It gives us a little perspective in environmental issues: Hebrew University researchers have determined that a patch of land in Israel’s Negev Desert is the oldest piece of exposed land on earth.
Because of weather events, volcanic activity and long term effects of tectonic activity, the face of the earth is constantly changing. But not on this patch of land in Israel.
According to scientists the ancient patch of “desert pavement” has been sitting there, as it is today, for the past 1.8 million years, give or take a few thousand.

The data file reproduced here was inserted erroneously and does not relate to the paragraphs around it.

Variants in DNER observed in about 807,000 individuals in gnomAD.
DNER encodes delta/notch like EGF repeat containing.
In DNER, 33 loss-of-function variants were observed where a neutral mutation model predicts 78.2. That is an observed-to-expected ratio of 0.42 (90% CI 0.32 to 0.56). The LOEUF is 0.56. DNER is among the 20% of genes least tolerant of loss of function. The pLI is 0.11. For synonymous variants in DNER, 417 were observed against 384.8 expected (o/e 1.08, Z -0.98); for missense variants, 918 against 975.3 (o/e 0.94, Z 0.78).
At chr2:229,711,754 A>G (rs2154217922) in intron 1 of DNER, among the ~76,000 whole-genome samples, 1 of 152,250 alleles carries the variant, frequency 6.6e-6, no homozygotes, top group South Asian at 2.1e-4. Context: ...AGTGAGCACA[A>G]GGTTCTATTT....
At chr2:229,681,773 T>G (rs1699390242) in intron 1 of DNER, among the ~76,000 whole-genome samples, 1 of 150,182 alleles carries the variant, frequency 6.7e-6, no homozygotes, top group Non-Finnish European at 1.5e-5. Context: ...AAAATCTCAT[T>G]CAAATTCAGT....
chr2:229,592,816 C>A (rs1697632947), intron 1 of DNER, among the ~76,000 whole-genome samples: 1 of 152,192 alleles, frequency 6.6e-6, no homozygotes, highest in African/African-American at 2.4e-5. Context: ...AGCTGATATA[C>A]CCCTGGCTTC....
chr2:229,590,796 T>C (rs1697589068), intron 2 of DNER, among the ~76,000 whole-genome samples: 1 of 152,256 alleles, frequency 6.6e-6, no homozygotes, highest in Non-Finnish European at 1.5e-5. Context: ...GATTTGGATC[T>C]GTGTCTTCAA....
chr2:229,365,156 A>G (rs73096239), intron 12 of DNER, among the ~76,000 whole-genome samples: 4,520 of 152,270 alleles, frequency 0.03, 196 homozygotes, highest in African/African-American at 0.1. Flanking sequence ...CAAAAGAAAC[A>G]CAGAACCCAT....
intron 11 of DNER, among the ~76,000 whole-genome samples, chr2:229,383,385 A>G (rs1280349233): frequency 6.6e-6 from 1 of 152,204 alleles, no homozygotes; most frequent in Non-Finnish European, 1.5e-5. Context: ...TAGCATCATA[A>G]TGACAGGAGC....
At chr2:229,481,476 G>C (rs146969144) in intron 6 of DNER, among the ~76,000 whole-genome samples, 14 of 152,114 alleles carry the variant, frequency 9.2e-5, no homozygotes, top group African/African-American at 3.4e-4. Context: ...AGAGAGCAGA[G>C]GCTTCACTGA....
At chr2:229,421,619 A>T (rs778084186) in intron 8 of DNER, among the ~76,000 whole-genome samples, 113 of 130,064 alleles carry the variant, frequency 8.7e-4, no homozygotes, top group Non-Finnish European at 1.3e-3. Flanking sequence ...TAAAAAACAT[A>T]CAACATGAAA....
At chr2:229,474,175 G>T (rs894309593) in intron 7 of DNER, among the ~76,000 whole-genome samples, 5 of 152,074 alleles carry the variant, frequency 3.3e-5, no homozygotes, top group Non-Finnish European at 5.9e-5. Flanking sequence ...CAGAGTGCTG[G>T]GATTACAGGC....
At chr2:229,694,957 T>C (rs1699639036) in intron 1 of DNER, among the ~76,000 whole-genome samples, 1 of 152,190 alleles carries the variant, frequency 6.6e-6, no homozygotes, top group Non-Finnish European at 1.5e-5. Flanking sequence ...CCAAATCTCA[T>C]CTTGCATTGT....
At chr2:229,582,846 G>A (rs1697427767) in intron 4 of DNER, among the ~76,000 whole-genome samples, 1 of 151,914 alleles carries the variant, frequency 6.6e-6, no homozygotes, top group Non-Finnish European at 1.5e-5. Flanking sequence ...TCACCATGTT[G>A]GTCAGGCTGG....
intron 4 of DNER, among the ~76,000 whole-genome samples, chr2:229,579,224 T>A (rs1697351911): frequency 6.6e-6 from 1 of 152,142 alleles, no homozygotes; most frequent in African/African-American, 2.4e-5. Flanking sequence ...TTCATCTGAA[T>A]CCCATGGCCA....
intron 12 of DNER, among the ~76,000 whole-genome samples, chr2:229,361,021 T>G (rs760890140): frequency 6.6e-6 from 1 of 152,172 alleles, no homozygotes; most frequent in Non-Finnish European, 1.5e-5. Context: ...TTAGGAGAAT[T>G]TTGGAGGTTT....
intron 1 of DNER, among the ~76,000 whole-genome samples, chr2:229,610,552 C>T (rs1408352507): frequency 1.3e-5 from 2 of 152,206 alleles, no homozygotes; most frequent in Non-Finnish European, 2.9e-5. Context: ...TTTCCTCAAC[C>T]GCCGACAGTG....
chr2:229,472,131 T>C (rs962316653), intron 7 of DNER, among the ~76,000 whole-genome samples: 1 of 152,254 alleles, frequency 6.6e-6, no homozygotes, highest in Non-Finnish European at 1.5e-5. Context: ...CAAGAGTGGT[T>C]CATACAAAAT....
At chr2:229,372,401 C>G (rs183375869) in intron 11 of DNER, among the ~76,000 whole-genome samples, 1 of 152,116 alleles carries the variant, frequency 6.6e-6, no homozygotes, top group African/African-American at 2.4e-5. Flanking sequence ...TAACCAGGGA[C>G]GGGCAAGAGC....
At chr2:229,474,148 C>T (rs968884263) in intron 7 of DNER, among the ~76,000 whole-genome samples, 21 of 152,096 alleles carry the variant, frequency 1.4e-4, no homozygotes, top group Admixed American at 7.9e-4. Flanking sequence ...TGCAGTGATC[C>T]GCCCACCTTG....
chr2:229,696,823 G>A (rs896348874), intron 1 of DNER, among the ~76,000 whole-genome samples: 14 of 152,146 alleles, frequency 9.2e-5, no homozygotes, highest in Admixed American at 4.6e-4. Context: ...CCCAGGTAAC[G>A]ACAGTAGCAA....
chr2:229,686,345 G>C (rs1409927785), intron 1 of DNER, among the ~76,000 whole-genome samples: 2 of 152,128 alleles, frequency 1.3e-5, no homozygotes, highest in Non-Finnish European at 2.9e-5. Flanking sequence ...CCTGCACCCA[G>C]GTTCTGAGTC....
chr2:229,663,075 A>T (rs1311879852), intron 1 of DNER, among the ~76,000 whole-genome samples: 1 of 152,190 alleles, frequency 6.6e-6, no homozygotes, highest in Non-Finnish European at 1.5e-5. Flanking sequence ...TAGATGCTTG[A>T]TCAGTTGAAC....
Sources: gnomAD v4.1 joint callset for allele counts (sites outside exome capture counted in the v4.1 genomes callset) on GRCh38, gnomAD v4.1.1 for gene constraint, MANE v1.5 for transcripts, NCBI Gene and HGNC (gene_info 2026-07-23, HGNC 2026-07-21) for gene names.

Four times older than the desert pavement in Nevada, I can just imagine all the kings and biblical heros from the time, and before who have walked the land. I wonder if the land there carries records that can be used for deepening our knowledge about climate change?
In regions that are extremely flat and dry, where tectonic activity is low and rocks are resistant to weathering, the surface can be preserved for millions of years, Ari Matmon, researcher in the study said: “This is something we were not sure about until now.”
“The surface we dated most likely represents large areas in the Sahara and Arabia Deserts,” Matmon said. “We hope to be able to collect samples from other locations in the Sahara and Arabia Deserts and establish the global extent of these old surfaces.”